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Prison director denies abuse

Mom Kunthear / Khmer Times Share:
Radio Free Asia alleges that wires and electric batons are used to make prisoners confess. Supplied

The chief of the Banteay Meanchey provincial prison has denied allegations of inmate torture, amid calls from a local rights official for an investigation.
Prison director Oung Siphan, through a clarification letter issued on Monday, challenged a foreign radio broadcast that alleged provincial prison officials tortured male prisoners.
He said that in compliance with the Prison Law and the Criminal Code, the Banteay Meanchey provincial prison, correctional centers and prisons across the country are inspected by prosecutors as well as the relevant units to prevent torture, violence, immorality, degrading treatment or punishment.
According to claims made by detainees at the Banteay Meanchey provincial prison who were interviewed by Radio Free Asia on March 21, prison officials tortured male prisoners and treated them like animals. Prisoners were hit with shoes, kicked and slapped almost every day, they claimed.
“When prison officials interrogate, they take wires and electric batons to shock prisoners into confessing. If they refuse to answer, they are beaten unconscious a few times a day,” an anonymous prisoner said on the program.
“They also restrict their rights and do not easily allow prisoners to leave the detention room.”
Mr. Siphan said prison officials did not restrict inmates’ rights.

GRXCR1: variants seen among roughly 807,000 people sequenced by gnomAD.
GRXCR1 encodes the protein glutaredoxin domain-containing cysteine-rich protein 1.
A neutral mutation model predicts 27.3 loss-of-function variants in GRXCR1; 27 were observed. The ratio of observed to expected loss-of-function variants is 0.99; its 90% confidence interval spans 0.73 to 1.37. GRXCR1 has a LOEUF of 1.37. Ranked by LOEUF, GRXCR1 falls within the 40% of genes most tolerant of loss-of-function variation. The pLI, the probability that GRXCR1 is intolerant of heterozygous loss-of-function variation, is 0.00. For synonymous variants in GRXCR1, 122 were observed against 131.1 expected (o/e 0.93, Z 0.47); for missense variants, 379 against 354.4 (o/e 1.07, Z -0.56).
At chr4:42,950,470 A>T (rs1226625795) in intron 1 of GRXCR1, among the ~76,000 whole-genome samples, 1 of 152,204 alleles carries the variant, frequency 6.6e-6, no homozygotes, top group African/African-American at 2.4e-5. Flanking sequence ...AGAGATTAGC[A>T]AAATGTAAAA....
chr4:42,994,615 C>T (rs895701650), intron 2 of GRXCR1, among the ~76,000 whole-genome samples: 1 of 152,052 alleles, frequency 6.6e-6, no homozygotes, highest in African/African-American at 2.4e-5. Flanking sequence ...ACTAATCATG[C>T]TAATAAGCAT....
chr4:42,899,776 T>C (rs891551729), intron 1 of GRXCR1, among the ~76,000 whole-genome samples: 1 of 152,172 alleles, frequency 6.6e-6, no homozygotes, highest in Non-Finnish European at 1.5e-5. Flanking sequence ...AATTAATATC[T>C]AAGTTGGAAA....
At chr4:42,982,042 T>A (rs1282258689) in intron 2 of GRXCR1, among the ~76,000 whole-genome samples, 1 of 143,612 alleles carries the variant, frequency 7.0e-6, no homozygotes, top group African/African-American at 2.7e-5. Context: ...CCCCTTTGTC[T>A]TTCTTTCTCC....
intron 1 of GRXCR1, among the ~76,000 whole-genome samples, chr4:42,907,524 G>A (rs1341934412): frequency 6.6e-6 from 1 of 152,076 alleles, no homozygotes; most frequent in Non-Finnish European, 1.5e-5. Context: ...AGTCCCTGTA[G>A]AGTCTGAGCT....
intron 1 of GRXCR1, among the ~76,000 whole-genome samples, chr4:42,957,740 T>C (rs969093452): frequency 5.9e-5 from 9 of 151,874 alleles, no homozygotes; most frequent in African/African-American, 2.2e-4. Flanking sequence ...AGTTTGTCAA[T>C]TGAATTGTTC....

“Every day detainees are allowed to get fresh air, exercise, play sports, make handicrafts, read books in the library, study and get permission to meet relatives or friends four days a week – Monday, Tuesday, Thursday and Friday,” he said.
More than 1,300 detainees, including more than 100 women and foreigners, are detained at the Banteay Meanchey provincial prison.
Soum Chankea, the provincial coordinator for local rights group Adhoc, said yesterday it was difficult to check on inmates at the provincial prison because it was a time-consuming process to schedule meetings with them.
He added that inmates had phoned him from inside the prison in 2015 and 2016, claiming they had been tortured.
“We think that if they were not tortured or mistreated, they would not speak out. I think prosecutors should check and conduct an investigation on prison officials over these allegations,” Mr. Chankea said.
He said prisoners are not animals, but humans who have had their freedom taken away while being incarcerated. However, they can still speak out when something happens unfairly to them.
Mr. Chankea expressed concern that prisoners would be subjected to further torture.

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